What's the best way to answer job interview questions? First of all, be careful. There is such a thing as too much information. Be discreet, for example, when you discuss your previous employers and jobs. One job applicant I interviewed went into great detail telling me about how much she disliked the last company she worked for. That company happened to be my company's biggest client. There wasn't any way I was going to hire someone with that big a chip on her shoulder.
Besides, what you say when you respond, how you answer interview questions, the details you provide, the information you don't disclose, and even the non-verbal cues you give the interviewer are all important when you answer interview questions. Here are tips for the best way to answer interview questions.
Tips for Answering Interview Questions
- Research the Job and the Company. Take the time to research the company and the position you are interviewing for in advance. The more you know, the better equipped you'll be to respond to interview questions.
- Practice Makes Perfect. The more practice you have at interviewing, the more comfortable you'll be during a job interview. Practice (ask a friend of family member to help) answering common interview questions to get an idea of how to respond.
- Know the Facts. This sounds like a no-brainer, but I've interviewed candidates who couldn't remember when they worked where. Be sure you know your work history, and bring an extra copy of your resume to refer to if you're nervous and need a reminder.
- Try to Stay Calm. Interviewing can be nerve wracking whether it's your first interview or you have interviewed many times in the past. Give yourself plenty of time to get to the interview, take a deep breath before you go into the interview, and do your best to stay calm.
- Take Your Time. Don't rush to get out a response to an interview question. Briefly think about your response before you answer. Taking the time to compose your thoughts so you can respond effectively is better than jumping the gun and saying something you wish you hadn't after the fact.
- Give Examples. When you respond to interview questions give examples of how you handled related situations. The more specific you are, the more the hiring manager will see that you have the skills to do the job. Here's more on behavioral interviews and how to respond to behavioral interview questions.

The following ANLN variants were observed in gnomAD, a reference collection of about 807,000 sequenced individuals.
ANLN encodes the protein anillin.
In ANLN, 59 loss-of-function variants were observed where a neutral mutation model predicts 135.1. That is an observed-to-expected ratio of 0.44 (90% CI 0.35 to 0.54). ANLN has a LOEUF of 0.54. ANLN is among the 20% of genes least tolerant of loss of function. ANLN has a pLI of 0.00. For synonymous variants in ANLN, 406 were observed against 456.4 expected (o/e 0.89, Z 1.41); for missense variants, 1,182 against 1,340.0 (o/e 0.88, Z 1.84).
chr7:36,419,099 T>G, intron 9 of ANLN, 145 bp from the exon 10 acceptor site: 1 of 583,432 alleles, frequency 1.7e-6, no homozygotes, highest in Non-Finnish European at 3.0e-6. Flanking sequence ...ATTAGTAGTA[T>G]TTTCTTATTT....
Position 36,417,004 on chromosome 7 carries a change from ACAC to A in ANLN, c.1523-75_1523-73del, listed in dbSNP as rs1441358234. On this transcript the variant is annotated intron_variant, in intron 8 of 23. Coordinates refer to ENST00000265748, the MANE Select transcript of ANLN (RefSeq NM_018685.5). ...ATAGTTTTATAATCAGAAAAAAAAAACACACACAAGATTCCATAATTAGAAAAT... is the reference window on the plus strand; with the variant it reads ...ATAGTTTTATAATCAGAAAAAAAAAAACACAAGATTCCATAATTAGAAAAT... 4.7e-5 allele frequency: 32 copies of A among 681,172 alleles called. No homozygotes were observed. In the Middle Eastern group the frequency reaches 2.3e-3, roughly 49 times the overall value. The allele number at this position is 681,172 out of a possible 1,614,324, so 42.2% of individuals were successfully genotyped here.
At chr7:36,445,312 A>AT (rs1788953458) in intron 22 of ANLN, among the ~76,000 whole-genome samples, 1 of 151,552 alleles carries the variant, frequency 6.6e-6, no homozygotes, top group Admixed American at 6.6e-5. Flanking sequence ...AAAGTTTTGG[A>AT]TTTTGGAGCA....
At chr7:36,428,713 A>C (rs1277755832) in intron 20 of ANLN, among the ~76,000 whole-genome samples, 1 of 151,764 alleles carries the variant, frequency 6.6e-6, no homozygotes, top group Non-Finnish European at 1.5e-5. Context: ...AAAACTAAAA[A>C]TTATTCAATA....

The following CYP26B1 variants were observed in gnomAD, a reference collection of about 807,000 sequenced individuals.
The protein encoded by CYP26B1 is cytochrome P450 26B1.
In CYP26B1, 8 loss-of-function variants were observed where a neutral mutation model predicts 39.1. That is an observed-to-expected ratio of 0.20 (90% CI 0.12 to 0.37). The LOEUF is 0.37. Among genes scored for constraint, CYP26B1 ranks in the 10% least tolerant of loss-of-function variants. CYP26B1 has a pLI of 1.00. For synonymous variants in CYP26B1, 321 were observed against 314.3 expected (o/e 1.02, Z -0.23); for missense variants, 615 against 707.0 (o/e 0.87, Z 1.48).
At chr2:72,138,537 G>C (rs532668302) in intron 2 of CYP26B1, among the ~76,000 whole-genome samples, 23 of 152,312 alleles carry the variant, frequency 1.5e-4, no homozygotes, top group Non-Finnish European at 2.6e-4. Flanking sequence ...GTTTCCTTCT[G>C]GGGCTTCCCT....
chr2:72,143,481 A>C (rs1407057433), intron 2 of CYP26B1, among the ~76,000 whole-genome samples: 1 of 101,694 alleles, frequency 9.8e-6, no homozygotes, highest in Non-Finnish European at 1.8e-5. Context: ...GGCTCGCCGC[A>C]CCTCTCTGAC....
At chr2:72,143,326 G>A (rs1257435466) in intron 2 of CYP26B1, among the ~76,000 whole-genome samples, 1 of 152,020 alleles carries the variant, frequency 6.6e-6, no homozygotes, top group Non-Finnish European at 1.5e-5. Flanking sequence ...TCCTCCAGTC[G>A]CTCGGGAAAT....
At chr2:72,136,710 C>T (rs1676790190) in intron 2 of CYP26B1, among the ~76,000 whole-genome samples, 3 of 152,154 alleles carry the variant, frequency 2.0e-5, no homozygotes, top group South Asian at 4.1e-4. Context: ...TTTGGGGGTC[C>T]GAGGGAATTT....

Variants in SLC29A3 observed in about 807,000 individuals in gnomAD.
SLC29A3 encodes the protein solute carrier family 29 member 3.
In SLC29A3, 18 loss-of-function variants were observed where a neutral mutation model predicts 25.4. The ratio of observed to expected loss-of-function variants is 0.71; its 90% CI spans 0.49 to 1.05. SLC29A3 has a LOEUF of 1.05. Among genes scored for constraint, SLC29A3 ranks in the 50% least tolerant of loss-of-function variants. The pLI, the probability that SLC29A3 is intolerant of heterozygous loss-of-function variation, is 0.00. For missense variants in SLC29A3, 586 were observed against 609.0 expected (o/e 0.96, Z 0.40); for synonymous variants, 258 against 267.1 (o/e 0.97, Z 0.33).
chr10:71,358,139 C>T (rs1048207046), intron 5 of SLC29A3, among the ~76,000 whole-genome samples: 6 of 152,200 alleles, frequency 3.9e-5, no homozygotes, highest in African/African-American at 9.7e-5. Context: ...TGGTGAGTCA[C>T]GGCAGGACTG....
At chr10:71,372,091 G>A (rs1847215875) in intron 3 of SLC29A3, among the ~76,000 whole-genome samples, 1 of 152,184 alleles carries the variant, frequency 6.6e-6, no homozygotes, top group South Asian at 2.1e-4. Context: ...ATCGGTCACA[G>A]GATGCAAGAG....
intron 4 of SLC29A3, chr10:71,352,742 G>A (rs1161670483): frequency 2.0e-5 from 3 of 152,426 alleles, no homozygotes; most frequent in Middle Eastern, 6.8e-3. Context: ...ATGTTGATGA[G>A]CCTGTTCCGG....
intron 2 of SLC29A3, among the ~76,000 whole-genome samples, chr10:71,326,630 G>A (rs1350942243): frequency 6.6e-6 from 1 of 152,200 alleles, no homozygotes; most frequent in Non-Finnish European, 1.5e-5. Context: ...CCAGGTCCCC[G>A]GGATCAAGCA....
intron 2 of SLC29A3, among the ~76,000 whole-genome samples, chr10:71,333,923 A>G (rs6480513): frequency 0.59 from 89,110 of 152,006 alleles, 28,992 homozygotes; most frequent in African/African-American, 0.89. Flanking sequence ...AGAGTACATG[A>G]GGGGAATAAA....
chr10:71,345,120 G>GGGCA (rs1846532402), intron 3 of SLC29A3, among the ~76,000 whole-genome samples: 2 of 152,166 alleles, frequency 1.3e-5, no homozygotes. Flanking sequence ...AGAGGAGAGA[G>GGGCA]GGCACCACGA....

- Share Your Accomplishments. Don't be shy about what you have accomplished in your career. Share examples of your accomplishments that are related to the job you are interviewing for to reinforce the fact that you're capable and qualified.
- Make a Match. As you answer interview questions, try to stay focused on the job and how you are a fit for it. Do your best to match your abilities to the job description when responding.
- Don't Ramble. Your response to interview questions should be direct and to the point. Don't ramble and get off topic.
- Ask for Clarification. Not sure what the interviewer is asking? It's fine to ask for clarification if you're not sure what is being asked.
- Be Direct. When you're asked about why you left (or are leaving your job) try to keep it positive. Be direct and focus your interview answer on the future, especially if your leaving wasn't under the best of circumstances.
- Keep it Professional. Your responses should be focused on your professional skills and abilities. There is no need to tell the interviewer all about your personal life, your interests, your family, or your hobbies. Most importantly, don't bring up any work-related issues you might have like having to arrange child care or transportation if you get the job.
- Have Questions Ready to Ask. The last question you'll probably be is asked during a job interview is whether you have questions. Be prepared and have a list of questions ready to ask the interviewer.
- Take Advantage of One More Chance to Answer. Don't forget to thank the interviewer and to take the time to follow up with a personal thank you note. If there are any questions you wish you had answered differently or more thoroughly, use your thank you letter to explain.
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